Lenders offering Buy-Now Pay-Later (BNPL) and related products to be FCA regulated
June 20, 2022
What has happened?
In June 2022, HM Treasury announced that lenders offering Buy-Now Pay-Later (BNPL) products, which are currently exempt from regulation, will in future need to be authorised by the FCA and that borrowers will have access to the Financial Ombudsman Service.
In addition, lenders will be required to carry out affordability checks and apply appropriate treatment to customers in financial difficulty, and will be subject to the FCA’s financial promotion rules to ensure BNPL promotions are fair, clear, and not misleading.
What are the key points?
Today’s consultation response (which is available here) sets out the Government’s proposals for regulation of the sector. Given its complexity, the Government will publish a consultation on draft legislation toward the end of this year. Following this, it aims to lay secondary legislation by mid-2023, after which the FCA will consult on its proposed rules for the sector.
The Government has also confirmed that other forms of short-term interest-free credit (STIFC), such as those used to pay for dental work or larger items such as furniture, and which are increasingly offered on-line, will be required to comply with the same rules, given that the risks posed are similar and consumers should receive consistent protections from similar products. These rules will apply to firms that partner with a third-party lender to provide credit, and the Government is asking for further stakeholder feedback to confirm whether they should also apply to online merchants who directly offer credit for the purchase of their own products.
The Government will allow exemptions for specific agreements where there is limited risk of potential consumer detriment, and where regulation would otherwise adversely impact day-to-day business activities. Areas expected to remain exempt include invoicing, agreements financing insurance policies, charge cards, trade credit and employer lending to employees.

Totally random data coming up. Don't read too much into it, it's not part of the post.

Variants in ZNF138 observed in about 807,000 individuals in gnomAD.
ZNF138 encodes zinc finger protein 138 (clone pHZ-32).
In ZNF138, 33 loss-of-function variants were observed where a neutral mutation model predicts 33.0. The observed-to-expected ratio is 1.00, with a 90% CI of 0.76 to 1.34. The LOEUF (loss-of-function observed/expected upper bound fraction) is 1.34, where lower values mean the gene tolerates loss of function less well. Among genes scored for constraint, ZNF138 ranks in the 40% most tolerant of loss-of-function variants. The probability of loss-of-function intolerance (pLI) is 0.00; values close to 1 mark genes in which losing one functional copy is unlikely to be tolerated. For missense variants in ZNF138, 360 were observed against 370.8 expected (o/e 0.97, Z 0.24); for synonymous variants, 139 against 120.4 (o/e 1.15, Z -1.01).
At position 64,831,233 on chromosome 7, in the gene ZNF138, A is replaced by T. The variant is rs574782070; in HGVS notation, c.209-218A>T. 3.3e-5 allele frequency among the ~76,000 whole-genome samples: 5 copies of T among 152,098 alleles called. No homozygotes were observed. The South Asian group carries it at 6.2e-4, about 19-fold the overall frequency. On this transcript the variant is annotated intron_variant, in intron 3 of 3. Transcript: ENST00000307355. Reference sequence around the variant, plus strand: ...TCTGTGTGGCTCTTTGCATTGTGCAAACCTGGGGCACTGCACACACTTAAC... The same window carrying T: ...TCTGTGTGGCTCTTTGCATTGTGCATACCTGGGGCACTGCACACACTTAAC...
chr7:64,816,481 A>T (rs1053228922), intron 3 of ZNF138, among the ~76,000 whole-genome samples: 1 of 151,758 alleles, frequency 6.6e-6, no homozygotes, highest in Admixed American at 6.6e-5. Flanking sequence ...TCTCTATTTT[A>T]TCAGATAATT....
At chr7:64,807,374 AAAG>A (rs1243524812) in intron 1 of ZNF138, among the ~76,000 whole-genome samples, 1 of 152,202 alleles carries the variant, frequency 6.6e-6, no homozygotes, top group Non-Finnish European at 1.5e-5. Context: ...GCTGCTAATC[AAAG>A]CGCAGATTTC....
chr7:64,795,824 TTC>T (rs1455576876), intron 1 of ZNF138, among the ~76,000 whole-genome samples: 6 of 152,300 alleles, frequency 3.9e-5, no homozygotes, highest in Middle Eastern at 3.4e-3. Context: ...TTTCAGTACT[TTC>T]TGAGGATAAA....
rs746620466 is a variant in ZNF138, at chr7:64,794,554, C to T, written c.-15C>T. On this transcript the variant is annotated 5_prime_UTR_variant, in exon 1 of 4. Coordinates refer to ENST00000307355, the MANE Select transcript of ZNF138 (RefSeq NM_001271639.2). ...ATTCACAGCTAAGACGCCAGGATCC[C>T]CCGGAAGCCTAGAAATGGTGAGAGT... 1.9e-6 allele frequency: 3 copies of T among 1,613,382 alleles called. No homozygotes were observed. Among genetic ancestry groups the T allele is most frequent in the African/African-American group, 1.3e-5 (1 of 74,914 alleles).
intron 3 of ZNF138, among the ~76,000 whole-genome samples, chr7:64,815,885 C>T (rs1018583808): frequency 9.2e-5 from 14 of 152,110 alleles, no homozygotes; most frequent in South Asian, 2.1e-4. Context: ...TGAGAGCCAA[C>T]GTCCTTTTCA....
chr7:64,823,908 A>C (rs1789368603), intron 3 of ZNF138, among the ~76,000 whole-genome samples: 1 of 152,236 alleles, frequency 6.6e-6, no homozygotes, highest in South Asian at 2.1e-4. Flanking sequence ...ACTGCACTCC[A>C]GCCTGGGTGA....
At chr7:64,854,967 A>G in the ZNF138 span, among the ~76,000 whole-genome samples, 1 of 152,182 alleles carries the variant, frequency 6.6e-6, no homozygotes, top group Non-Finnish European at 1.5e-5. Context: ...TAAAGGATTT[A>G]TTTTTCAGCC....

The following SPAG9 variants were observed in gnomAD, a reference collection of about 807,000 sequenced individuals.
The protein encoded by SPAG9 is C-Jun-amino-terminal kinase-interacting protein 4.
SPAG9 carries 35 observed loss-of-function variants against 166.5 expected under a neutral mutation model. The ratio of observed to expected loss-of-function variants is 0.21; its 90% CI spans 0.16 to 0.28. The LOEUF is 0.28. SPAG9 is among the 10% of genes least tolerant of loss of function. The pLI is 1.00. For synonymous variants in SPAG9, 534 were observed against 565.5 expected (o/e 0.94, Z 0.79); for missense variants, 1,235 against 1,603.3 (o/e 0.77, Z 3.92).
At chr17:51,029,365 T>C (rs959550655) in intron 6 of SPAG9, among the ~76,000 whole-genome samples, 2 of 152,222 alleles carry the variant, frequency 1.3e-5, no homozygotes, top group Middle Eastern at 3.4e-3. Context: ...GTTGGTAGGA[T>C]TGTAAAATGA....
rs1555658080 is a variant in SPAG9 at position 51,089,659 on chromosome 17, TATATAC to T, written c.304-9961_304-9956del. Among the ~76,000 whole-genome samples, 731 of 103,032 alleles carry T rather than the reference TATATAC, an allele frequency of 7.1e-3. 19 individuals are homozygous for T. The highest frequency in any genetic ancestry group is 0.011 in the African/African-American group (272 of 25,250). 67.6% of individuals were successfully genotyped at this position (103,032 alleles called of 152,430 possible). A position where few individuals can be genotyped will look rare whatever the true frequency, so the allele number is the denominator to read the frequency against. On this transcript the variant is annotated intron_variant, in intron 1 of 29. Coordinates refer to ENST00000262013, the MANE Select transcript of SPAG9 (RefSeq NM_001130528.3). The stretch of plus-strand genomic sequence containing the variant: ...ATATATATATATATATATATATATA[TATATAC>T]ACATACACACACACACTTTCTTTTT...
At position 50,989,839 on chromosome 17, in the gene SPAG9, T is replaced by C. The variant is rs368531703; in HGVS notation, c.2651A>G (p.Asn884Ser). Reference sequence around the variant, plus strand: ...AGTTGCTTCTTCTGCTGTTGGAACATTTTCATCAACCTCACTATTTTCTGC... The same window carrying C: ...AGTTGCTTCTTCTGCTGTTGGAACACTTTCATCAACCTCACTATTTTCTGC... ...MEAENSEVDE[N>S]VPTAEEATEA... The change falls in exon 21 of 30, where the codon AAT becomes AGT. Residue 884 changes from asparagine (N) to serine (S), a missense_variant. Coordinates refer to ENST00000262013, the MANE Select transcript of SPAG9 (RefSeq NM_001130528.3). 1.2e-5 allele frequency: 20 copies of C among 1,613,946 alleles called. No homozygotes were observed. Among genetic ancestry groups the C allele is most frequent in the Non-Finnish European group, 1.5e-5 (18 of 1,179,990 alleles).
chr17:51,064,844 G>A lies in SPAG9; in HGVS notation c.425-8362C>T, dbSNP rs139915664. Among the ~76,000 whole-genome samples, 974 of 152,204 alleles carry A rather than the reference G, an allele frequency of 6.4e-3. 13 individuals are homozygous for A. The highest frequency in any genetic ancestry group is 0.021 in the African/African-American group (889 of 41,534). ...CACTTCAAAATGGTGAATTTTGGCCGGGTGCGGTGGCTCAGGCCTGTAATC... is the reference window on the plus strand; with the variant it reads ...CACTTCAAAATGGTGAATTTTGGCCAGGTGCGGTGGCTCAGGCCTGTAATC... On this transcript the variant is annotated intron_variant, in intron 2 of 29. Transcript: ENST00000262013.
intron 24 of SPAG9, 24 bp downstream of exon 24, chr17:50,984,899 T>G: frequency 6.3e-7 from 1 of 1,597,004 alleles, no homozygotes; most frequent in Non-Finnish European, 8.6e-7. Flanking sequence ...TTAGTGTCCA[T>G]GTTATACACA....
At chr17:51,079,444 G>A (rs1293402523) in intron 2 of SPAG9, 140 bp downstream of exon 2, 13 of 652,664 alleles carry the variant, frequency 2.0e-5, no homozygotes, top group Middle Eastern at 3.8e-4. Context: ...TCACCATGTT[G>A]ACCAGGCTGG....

The Government’s approach to regulatory controls for agreements that will be brought into regulation will tailor the application of the Consumer Credit Act 1974 to these products and the elements of lending practice most linked to potential consumer detriment. BNPL users already benefit from consumer protection regulation, which includes agreements being subject to:
- rules and guidance on advertising,
- the Consumer Rights Act 2015 concerning the fairness of contract terms, and
- the Consumer Protection from Unfair Trading Regulations 2008 in relation to unfair commercial practices.
Ahead of regulation, the Government is aware that lenders that offer agreements that will be brought into regulation are preparing and adapting their business models in anticipation. In addition, the ASA has continued to make rulings on specific BNPL adverts. BNPL lenders have also commenced sharing data on agreements with credit reference agencies. Finally, the FCA has already taken steps under broader consumer protection legislation to mitigate the risks of potential consumer detriment from the use of BNPL.
As a result, four BNPL firms have agreed to change terms in their consumer contracts to make them fairer and easier for consumers to understand and to better reflect how they use them in practice. The FCA will continue to monitor the market and assess whether there are further interventions that it could make under its existing powers.
How can we help you?
If you’d like to know more about how we can help you with your BNPL or consumer credit arrangements, or any other regulatory compliance issues, our specialist team is here to help.